Michael Feuser: Good question. To pick up on Maurizio, he basically set the tone. I would maybe focus in on the long dialogue scenes. I think what struck me when I got the tracks, and what Steven wanted us to do, he was very focused on craftsmanship. It was about using the right technology but not go too far in terms of plugins and all that kind of stuff, what we can use nowadays.

It was really a brilliant recording going straight through to the editor's hands just to line it up and to the tracks for the mixer and then it goes straight through. And then I think that makes the sound of Ripley so special because it's very clear and modulated and not too much dealt with or changed.

And I think this came out in the dialogue scenes for me especially. And then what we just did was we just carved out breaths and these kinds of things to make reactions to lines more present and help the tension in the scene with that. But there was a lot of fun for me to deal with these scenes.

Dakota Fanning in RipleyRipleyCourtesy of Netflix

Michael Barry: What technology did you use, Mich?

Michael Feuser: It was just old-fashioned editing, for the most part. ... We did a little bit of noise reduction on some of the exterior scenes, but very, very carefully without compromising the dialogue itself. We were very careful not to go too far with these scenes. Otherwise, it was just good old-fashioned editing that we needed to do just to have the best mics at any time present and ready for Michael to balance them and to mix them.

Michael Barry: I don't have a favorite. I like them all. I wish we had more to do. I was sad to see it end.

NFS: A very valid answer!

Maurizio Argentieri: I have the same answer as Michael because, for me, it was just a blast to work with such an incredible director.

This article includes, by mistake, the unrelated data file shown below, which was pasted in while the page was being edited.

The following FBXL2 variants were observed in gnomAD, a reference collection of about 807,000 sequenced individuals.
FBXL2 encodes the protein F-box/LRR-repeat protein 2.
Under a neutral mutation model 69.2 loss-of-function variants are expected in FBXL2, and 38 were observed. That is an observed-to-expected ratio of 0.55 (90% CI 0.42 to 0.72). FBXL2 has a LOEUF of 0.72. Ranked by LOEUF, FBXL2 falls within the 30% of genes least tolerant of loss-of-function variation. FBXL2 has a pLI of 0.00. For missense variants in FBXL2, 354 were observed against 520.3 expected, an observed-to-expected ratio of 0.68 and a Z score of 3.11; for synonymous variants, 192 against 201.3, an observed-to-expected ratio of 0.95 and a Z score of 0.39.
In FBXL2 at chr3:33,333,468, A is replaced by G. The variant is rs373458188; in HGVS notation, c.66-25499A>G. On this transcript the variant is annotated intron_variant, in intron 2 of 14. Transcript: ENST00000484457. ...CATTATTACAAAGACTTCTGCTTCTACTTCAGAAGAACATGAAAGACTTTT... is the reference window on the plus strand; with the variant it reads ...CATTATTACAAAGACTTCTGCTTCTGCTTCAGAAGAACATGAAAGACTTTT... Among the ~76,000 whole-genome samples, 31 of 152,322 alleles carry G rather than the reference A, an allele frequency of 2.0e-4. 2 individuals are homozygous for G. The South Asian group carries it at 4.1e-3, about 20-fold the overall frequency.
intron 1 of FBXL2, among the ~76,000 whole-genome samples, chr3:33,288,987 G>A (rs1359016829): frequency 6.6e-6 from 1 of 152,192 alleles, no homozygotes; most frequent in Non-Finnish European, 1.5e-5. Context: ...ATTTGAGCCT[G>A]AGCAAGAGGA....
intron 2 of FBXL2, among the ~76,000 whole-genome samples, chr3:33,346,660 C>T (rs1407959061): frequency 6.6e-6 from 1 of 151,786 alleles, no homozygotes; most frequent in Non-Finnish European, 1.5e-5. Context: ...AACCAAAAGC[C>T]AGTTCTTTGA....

I don't know if you remember all the telephone scenes, even those telephone scenes, the guy on the other side was real. We modified for real the practical telephones. We created under Steve's request an interface so they could interact with each other.

My first day of work was the telephone call that Tom did in New York. This was my very first day of work. I had a lot of anxiety because on set, all these things, it never works, never. We stayed for one entire day on the line with an actor on the other side of the world, and we shot on the stage in Rome, and it worked like a charm. And that was my first day of work.

I'm remembering the attention that Steve had during the production. He was excited to hear, for example, all the tiny sounds of footsteps, of the crackling, little stones.

And to obtain that, I really had to pay attention to every detail during preparation. For example, Tom's apartment in Rome, it was on a stage. During the construction of this apartment, I was there bitching at the construction department. Because, for me, the floor needs to be perfect. I gave them a project to uncouple the wood floor from the structure that elevated from the main floor of the stage to avoid any drum effect while they walking.

In general, I try to put a magnifying glass on those kinds of elements because normally all these things are background. In this case, I treated them as another lead character who was acting with the main actor.